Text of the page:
Design and Violence

Can code replace trust?

Rachel O’Dwyer

A blockchain is, essentially, a distributed database. The technology first appeared in 2009 as the basis of the Bitcoin digital currency system, but it has the potential to do much, much more — including aiding in the development of platform cooperatives. Traditionally, institutions use centralised databases. For example, when you transfer money using a bank account, your bank updates its ledger to credit and debit accounts accordingly. In this example, there is one central database and the bank is a trusted intermediary who manages it. With a blockchain, this record is shared among all participants in the network. To send bitcoin, an owner publicly broadcasts a transaction to all participants in the network. Participants collectively verify that the transaction took place, and update the database accordingly. This record is public, shared by all, and it cannot be amended. This distributed database can be used for applications other than monetary transactions. With the rise of what some are calling “Blockchain 2.0”, the accounting technology underpinning Bitcoin is now taking on non-monetary applications as diverse as electronic voting, file-tracking, property title management, and the organisation of worker cooperatives. Very quickly, it seems, distributed ledger technologies have made their way into any project broadly related to social or political transformation for the left. While recognising the potential of blockchain as one tool that — in a very pragmatic way — could assist with cooperative activities, much of the current rhetoric around blockchain also hints at problems within the techno-utopian ideologies that surround digital activism, and points to the pitfalls these projects fall into time and again. Chief among these is the idea that we can replace messy and time-consuming social processes with elegant technical solutions. Fostering and scaling cooperation is really difficult. This is why we have institutions, norms, laws, and markets. These mechanisms allow us to cooperate with others even when we don’t know and trust them. They help us to make decisions and to divvy up tasks and to reach consensus. When we break these structures down, it can be very difficult to cooperate. Indeed, this is one of the big problems with alternative forms of organisation outside of the state and the market — those that are not structured by typical modes of governance such as rules, norms or pricing. These kinds of structureless collaborations generally only work at very local kin-communal scales where everybody already knows and trusts everyone else. In Ireland, for example, there were several long-term bank strikes in the 1970s. The economy didn’t grind to a halt. Instead, local publicans stepped in and extended credit to their customers; the debtors were well known to the publicans, who were in a good position to make an assessment on their credit-worthiness. Community trust replaced a trustless monetary system. This kind of local arrangement wouldn’t work in a larger or more atomised community. It probably wouldn’t work in today’s Ireland, because community ties are weaker. Blockchain replaces a trusted third party such as the state or an online platform with cryptographic proof. This is why hardcore libertarians and anarcho-communists alike both favoor it. The claim being made is not that we can engineer greater levels of cooperation or trust in friends, institutions or governments, but that we might dispense with social institutions altogether in favour of an elegant technical solution. All we need is to trust in the code. But this technology doesn’t replace all of the functions of an institution, just the function that allows us to trust in our interactions with others because we trust in certain judicial and bureaucratic processes. It doesn’t stand in for all the slow and messy bureaucracy and debate and human processes that go into building cooperation. In this sense, the blockchain has more in common with the neoliberal governmentality that produces platform capitalists, like Amazon and Uber, and state-market coalitions than any radical alternative. Seen in this light, the call for blockchains forms part of a long line of codified violence enacted through ledgers, automated record-keeping systems, databases and archives that work not to support networks of trust and political dissent but to make these things disappear. While technical tools such as the blockchain might form part of a broader artillery for networked cooperation then, we also need to have a little perspective. We need to find ways to embrace not only technical solutions, but also people who have experience in community organising and methods that foster trust, negotiate hierarchies and embrace difference. Because there is no magic app for society. And there never will be. This is a modified version of a paper first published In ‘Ours To Hack And To Own: The Rise Of Platform Cooperativism, A New Vision For The Future Of Work And A Fairer Internet’, edited by Trebor Scholz And Nathan Schneider (2016).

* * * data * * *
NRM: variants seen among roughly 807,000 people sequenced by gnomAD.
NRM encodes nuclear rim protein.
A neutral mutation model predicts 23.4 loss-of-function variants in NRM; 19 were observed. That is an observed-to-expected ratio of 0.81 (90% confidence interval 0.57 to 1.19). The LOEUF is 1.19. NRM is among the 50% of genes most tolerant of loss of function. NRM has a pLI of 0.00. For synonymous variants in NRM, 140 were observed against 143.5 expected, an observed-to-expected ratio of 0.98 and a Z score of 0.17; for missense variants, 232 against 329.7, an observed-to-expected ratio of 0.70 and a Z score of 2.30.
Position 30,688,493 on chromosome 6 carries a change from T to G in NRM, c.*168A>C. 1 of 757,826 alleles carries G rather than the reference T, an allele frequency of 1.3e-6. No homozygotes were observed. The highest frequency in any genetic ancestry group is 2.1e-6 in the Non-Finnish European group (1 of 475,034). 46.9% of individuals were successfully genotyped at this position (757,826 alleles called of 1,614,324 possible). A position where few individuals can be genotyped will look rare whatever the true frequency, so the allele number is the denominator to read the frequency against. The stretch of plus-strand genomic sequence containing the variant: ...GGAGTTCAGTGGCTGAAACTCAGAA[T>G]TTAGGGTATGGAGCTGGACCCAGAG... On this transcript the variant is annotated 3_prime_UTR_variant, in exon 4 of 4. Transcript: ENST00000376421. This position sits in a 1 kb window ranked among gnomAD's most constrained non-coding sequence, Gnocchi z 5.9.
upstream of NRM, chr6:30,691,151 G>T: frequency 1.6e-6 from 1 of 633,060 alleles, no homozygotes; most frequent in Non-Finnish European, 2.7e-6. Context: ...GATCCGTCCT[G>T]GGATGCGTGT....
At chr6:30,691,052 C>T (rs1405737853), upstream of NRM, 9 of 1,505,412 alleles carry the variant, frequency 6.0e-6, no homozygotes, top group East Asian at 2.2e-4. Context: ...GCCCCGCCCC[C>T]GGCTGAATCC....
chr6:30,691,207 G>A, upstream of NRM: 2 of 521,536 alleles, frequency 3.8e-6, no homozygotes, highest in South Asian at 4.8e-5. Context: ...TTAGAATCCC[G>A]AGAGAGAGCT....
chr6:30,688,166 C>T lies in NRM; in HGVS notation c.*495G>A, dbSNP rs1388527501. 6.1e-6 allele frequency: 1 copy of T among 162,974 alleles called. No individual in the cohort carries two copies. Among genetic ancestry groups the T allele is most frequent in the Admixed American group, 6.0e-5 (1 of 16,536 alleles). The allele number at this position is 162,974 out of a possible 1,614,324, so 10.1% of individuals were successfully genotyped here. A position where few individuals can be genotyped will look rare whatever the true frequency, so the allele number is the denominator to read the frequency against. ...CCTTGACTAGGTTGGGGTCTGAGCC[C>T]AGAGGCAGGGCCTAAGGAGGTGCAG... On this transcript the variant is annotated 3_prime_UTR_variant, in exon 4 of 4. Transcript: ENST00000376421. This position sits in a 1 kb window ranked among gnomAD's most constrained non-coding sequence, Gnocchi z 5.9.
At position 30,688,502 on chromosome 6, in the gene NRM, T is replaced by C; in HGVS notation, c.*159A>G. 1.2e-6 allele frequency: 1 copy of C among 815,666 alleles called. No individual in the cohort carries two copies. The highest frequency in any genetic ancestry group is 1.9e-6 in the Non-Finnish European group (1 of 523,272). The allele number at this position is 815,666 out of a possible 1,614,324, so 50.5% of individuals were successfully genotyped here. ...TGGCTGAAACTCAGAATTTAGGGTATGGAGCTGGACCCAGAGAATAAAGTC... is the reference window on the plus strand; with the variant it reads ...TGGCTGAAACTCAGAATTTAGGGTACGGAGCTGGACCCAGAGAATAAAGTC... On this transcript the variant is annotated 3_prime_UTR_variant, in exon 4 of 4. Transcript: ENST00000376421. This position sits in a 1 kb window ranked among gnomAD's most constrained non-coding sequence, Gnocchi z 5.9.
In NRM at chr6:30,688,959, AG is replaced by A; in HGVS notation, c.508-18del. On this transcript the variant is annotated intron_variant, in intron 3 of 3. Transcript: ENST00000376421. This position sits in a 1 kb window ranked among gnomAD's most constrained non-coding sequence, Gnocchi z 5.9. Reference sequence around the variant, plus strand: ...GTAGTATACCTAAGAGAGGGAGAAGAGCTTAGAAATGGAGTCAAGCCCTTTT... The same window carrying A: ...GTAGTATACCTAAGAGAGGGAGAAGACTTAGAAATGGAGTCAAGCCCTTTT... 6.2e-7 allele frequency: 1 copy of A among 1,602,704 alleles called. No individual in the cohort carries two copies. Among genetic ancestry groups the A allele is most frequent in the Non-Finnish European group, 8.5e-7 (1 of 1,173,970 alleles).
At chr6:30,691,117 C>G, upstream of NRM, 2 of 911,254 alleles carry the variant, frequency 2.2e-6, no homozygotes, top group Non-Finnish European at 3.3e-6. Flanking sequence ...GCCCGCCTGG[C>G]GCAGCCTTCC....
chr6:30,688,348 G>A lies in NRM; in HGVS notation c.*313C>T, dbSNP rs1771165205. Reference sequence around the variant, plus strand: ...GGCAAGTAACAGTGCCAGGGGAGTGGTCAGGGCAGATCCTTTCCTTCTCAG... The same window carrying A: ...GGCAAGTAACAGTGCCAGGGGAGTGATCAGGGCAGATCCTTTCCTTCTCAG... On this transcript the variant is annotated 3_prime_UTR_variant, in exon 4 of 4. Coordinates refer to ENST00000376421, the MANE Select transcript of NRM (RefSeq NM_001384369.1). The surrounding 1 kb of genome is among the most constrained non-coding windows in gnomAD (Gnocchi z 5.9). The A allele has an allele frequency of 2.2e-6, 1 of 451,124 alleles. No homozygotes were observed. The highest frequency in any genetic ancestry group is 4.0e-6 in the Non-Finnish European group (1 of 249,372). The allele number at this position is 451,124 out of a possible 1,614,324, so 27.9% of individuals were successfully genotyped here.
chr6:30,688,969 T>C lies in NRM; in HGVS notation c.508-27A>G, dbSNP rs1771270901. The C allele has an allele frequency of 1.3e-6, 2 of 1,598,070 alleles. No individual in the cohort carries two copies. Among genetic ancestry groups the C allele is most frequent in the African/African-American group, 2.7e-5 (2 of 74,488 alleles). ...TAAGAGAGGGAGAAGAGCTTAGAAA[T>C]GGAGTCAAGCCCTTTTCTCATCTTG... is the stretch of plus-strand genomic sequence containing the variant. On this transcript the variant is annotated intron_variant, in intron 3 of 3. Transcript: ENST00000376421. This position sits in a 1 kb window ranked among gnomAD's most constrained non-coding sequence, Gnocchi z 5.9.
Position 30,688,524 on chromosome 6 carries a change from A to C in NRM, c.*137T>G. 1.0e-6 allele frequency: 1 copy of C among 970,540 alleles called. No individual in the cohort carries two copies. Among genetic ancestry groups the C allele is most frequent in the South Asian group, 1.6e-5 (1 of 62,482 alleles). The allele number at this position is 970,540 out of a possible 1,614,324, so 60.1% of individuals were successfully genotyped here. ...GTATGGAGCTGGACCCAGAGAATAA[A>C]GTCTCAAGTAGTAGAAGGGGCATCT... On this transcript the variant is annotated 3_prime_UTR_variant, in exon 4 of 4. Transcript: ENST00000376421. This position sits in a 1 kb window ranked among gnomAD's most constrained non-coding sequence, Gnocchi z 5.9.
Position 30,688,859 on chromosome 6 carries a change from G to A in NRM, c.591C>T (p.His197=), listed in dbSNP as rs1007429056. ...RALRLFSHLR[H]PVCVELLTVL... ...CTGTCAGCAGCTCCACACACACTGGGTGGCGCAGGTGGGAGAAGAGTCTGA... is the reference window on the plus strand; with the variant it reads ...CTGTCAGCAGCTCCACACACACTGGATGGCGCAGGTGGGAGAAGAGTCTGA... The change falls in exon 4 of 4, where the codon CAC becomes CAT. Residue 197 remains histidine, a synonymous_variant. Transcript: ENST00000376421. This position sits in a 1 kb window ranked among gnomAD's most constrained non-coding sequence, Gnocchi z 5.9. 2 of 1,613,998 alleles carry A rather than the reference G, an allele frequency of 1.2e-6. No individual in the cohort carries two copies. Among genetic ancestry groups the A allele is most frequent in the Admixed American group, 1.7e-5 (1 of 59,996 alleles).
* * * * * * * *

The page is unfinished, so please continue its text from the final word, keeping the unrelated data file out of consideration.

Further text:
About Rachel O’Dwyer

Rachel O’Dwyer is a post-doctoral researcher and lecturer in the School of Computer Science at Trinity College Dublin. She is the leader of the Dublin Art and Technology Association ( and the initiator and lead curator of Openhere, a festival and conference on the digital commons She writes about digital media, political economy of communications, and the commons. Her research areas include mobile communications and radio spectrum, open networks and alternative currencies. She is a regular contributor to Neural magazine and the founding editor-in-chief of the open access peer-reviewed journal Interference: A Journal of Audio Culture